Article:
And if the challenges and difficulties for the Catholic faith in the present day seem too much for us, we need to recall that it is at times like this that keeping the faith actually matters, and matters not only for the sake of our own souls but for the souls of generations as yet unborn.
In Oxford we look back to various martyrs — Ridley and Latimer, of course, just outside the front door, and Roman Catholics Nichols, Yaxley, Belson and Pritchard, and no doubt others who chose their historical period less wisely. They — and countless others — have endured far, far worse, in concentration camps and prisons, like Paul himself — murdered by soldiers and monarchs, executed by the people they were sent to serve and to whom they proclaimed the gospel.
It was, in their own place and time, the consequence of keeping the faith. Their memory, as much as their prayers for us now, sustains us, reminding us that it is possible to live to the exacting words of Christ in ages of darkness and difficulty. To spend time wishing that things were different is tempting, but utterly futile.
When I attempted, at the age of 6, to reject the bowl of prunes put in front of me for my school dinner, Mrs. Porter the dinner lady came out with that classic northern line “You get what you’re given.” It’s as true of the time in which you live, just as it was true of the unpromising and dangerous times in which Jesus lived. Our task is to witness and serve in the time we are given, not to wish for any golden ages, mythical or otherwise.
There is a bigger, wider challenge to those of us who are concerned for the mission of the church and the coming of the kingdom. To those who would live in a faithless, godless world, faith is a dangerous thing. It challenges the assumption that humans can be self-sufficient and self-serving.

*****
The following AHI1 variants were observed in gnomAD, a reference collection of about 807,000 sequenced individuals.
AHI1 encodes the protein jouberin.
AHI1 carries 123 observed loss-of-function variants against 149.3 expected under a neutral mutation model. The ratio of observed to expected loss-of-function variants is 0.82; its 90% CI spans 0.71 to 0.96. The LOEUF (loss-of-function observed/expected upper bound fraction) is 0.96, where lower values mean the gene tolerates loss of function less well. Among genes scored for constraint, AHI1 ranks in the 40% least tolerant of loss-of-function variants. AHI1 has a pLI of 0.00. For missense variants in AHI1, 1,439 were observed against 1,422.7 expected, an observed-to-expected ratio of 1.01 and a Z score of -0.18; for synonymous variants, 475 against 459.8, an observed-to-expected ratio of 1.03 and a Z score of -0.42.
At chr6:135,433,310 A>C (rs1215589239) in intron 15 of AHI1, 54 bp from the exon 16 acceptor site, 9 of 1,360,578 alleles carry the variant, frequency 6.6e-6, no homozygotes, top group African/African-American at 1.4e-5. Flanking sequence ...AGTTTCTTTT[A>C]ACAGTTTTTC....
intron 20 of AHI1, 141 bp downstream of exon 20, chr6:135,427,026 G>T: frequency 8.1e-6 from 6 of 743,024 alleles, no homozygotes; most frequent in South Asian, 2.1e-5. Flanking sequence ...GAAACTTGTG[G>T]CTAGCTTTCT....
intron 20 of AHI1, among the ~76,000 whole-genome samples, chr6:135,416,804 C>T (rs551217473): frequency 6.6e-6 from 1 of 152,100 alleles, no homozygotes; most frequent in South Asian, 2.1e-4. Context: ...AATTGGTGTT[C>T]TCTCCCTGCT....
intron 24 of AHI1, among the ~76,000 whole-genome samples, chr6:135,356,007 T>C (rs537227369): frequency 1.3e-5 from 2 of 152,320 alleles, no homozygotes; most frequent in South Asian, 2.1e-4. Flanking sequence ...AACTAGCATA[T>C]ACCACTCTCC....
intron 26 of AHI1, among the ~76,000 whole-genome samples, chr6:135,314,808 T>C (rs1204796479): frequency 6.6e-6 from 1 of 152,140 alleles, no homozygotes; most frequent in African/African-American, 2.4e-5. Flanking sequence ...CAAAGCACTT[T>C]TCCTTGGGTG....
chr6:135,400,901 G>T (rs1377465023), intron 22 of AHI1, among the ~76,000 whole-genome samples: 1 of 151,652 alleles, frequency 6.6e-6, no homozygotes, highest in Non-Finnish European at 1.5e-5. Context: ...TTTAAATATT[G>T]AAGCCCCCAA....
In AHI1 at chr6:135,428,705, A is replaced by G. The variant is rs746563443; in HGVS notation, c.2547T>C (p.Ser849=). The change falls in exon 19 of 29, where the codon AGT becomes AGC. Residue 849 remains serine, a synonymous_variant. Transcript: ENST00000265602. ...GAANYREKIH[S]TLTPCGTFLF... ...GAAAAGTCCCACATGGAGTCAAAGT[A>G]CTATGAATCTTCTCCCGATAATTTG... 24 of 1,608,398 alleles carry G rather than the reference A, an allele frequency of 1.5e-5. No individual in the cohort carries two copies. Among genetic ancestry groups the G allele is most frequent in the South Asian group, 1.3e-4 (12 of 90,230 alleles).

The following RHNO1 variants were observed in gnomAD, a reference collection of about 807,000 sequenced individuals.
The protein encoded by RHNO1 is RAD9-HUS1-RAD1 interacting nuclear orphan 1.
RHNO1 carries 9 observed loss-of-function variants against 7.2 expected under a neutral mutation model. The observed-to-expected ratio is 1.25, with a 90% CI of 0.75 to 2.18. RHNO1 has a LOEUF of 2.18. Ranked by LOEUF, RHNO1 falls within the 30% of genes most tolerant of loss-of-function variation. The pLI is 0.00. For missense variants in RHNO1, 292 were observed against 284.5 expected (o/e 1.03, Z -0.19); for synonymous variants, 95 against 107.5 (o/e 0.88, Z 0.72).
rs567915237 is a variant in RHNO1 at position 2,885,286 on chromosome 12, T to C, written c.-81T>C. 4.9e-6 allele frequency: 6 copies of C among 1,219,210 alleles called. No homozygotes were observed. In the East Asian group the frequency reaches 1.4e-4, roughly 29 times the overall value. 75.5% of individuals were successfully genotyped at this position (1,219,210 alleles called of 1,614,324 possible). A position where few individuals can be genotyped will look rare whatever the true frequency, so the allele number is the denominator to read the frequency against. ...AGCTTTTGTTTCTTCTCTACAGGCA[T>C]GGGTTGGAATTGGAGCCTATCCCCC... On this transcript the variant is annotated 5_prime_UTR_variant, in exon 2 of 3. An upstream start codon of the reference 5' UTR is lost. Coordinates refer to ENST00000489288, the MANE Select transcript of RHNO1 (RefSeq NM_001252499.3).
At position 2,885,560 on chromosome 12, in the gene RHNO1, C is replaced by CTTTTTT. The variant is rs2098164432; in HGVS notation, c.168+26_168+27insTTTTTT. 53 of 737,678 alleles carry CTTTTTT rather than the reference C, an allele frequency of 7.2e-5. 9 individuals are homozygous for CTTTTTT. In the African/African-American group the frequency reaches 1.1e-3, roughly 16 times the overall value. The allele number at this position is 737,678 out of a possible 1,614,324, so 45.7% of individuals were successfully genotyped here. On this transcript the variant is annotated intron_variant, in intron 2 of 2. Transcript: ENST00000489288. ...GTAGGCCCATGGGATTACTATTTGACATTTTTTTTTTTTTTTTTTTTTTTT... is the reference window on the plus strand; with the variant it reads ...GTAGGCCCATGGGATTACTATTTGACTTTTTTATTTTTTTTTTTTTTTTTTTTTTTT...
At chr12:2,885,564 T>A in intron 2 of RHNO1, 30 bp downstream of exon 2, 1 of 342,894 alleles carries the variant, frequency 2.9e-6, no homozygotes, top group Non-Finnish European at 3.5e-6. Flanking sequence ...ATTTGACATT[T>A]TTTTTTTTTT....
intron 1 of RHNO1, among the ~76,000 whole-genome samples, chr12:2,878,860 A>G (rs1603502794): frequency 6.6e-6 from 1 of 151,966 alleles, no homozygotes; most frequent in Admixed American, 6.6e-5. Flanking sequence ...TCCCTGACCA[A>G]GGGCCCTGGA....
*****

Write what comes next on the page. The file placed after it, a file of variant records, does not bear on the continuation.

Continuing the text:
The politically correct world which humanism would espouse would be a desolate and monochrome world indeed — a far cry from the life in abundance which Jesus Christ offers. It is a world warned against by (among others) Pope John Paul II in the encyclical Evangelium Vitae (1995). Commenting on unwelcome developments in the field of medical ethics, he wrote:
the eclipse of the sense of God and of man, typical of a social and cultural climate dominated by secularism, which, with its ubiquitous tentacles, succeeds at times in putting Christian communities themselves to the test. Those who allow themselves to be influenced by this climate easily fall into a sad vicious circle: when the sense of God is lost, there is also a tendency to lose the sense of man, of his dignity and his life …
If we lose God, we lose our true selves. John Paul’s successor, Benedict XVI, spoke eloquently of this concern when reminding us
not only the rights of believers to freedom of conscience and freedom of religion, but also the legitimate role of religion in the public square. I would invite all of you, therefore, within your respective spheres of influence, to seek ways of promoting and encouraging dialogue between faith and reason at every level of national life.
It remains to be seen whether these words can inspire a confidence leading to a renewed dialogue going beyond personal gesture or statement, but affecting the wider fabric of society. If we would keep the faith, it’s important that the place of that faith is reaffirmed, and that will only happen if those of us who hold it live it, not in any pharisaic or pompous fashion but after the manner of our tax collector — in penitence and humility, whilst firmly and courteously challenging the zeitgeist which claims that there is no place for faith in the public arena.
Keeping the faith matters — not only personally, but corporately, visibly, meaningfully. May this great gift continue to sustain, provoke and drive us onwards to the glory of the kingdom, moving mountains and shaping hearts, minds and lives, until Christ is all in all.
The Rev. Damian Feeney is an interim minister in the Diocese of Wolverhampton.